The Alpha-1 Research Program was established at the University of Florida College of Medicine in Gainesville, Florida in 1998 by the Alpha-1 Foundation. The Program, under the direction of Mark L. Brantly, M.D., is devoted to the study of lung and liver disease associated with Alpha-1 Antitrypsin (AAT) Deficiency. Its resources and services are an important access point for the national and international medical and scientific communities and include:
- Alpha-1 Translational Research Laboratory — devoted to characterizing the molecular mechanisms responsible for the development of liver and lung disease in AAT Deficient individuals and to the development of new treatments.
- Bronchoscopy Research Procedure Unit & Lung Cell Biology Laboratory — enables clinical studies on the fundamental processes associated with lung injury in individuals with AAT Deficiency and determines the efficacy of new therapies.
- Clinical Research — Research in Alpha-1 Antitrypsin Deficiency is needed in order to better understand the disease, to understand what causes emphysema and/or liver disease in some people and not others with the condition, and to improve current treatments. Human subjects participating in research is crucial. The Alpha-1 Research Program has developed a team of scientists, nurses, and administrators to conduct a number of clinical trails and other research projects for individuals who have AAT Deficiency, their family members, and other eligible participants. The Alpha-1 Research Program may be involved in a number of clinical trials for investigational treatments for AAT Deficiency at any time.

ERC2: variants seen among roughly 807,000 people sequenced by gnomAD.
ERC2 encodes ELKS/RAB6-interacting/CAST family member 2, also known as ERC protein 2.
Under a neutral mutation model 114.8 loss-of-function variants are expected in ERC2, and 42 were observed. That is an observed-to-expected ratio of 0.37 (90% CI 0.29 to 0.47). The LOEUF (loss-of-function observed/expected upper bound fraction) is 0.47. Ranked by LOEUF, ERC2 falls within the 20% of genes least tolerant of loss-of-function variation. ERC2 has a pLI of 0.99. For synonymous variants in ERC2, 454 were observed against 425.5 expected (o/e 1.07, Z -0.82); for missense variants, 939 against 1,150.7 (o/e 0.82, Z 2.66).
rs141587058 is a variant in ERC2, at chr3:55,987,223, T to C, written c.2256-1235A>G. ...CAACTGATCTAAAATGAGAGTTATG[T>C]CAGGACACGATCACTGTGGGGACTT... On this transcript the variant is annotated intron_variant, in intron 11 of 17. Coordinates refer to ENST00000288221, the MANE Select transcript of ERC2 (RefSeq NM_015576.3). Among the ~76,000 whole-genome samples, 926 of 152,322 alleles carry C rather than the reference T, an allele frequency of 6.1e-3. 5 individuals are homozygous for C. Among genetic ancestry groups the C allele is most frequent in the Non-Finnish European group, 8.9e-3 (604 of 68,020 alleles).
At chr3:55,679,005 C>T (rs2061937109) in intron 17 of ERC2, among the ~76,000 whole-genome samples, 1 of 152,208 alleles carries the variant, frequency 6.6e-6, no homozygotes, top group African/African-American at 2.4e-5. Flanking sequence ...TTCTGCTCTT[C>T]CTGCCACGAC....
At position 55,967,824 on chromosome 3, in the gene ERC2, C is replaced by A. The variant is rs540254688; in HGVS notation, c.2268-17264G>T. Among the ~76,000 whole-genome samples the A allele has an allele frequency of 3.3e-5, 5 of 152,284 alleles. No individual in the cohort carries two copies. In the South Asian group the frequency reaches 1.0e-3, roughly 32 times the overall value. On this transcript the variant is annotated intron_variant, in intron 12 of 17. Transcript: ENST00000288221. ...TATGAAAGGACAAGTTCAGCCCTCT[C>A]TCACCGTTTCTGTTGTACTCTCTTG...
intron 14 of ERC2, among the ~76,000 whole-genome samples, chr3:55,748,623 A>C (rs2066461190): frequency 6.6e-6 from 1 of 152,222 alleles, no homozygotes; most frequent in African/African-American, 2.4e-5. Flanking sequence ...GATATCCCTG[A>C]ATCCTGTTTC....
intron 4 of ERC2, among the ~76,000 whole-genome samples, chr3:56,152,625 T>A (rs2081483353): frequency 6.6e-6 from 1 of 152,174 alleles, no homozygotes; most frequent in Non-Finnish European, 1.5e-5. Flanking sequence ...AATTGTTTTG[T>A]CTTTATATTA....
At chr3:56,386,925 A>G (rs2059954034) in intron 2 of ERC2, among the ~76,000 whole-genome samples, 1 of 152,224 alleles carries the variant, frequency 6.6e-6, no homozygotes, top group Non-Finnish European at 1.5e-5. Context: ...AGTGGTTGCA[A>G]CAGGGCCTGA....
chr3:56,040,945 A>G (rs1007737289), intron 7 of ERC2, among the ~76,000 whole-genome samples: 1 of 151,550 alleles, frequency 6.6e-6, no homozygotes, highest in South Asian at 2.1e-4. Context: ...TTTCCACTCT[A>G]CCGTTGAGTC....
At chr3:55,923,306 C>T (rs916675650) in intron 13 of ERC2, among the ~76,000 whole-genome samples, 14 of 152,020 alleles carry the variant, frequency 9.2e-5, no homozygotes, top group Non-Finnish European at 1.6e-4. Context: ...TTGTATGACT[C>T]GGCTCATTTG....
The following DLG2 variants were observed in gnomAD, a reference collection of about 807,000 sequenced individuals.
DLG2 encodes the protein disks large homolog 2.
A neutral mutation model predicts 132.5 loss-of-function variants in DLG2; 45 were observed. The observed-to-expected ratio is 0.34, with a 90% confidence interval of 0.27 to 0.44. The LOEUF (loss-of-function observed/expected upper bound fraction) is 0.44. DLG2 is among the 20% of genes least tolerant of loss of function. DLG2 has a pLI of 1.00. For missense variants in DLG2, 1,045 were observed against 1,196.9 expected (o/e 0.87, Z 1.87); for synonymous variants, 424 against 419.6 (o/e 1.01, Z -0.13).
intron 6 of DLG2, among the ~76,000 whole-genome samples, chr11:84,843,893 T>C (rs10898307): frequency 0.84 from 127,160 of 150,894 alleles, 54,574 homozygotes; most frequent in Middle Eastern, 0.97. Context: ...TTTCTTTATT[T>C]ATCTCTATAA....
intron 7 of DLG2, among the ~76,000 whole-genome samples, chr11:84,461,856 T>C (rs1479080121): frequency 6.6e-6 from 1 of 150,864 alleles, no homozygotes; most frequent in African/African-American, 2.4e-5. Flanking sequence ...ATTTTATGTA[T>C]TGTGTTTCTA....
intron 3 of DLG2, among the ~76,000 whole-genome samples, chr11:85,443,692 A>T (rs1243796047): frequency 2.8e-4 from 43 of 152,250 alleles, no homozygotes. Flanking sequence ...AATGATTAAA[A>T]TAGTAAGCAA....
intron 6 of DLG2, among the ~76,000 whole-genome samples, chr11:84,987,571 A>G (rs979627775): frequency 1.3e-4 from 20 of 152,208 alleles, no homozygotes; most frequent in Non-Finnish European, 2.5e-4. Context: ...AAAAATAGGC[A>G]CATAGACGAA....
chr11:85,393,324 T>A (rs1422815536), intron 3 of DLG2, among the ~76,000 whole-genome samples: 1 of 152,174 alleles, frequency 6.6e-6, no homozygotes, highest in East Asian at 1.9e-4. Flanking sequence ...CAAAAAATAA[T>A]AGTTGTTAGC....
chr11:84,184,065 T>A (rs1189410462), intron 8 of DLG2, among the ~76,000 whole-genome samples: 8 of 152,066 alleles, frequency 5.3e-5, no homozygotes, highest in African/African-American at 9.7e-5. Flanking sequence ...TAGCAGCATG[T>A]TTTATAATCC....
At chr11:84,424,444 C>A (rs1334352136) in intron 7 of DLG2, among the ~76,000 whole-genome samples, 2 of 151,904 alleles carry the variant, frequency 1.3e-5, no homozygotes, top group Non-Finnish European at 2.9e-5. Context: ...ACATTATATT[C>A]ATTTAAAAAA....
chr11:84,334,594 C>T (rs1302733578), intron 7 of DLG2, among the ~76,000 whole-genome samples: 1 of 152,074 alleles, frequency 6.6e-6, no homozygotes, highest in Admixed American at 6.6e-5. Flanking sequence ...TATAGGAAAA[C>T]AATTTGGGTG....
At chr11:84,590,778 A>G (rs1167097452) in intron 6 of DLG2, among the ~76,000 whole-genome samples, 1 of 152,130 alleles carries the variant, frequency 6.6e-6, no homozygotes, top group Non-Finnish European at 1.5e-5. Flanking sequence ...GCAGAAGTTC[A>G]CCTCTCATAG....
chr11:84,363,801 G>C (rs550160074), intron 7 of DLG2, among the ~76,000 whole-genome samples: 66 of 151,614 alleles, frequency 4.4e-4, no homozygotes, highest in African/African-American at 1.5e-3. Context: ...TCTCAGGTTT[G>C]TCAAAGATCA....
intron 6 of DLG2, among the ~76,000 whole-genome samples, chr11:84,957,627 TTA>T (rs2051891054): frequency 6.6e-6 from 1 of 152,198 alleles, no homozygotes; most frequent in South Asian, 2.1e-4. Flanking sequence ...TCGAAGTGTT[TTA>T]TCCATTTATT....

- Alpha-1 Foundation DNA & Tissue Bank — serves the international scientific community with the largest single disease collection of DNA and tissue samples for research studies.
- Alpha-1 Gene Therapy Program — focuses on the development of safer and more efficient vehicles for the delivery of therapeutic genes to the liver, lung, and other tissues.
- UF Alpha-1 Antitrypsin Deficiency Specialty Clinic — provides consultation and care for patients that have been diagnosed with alpha-1 antitrypsin deficiency.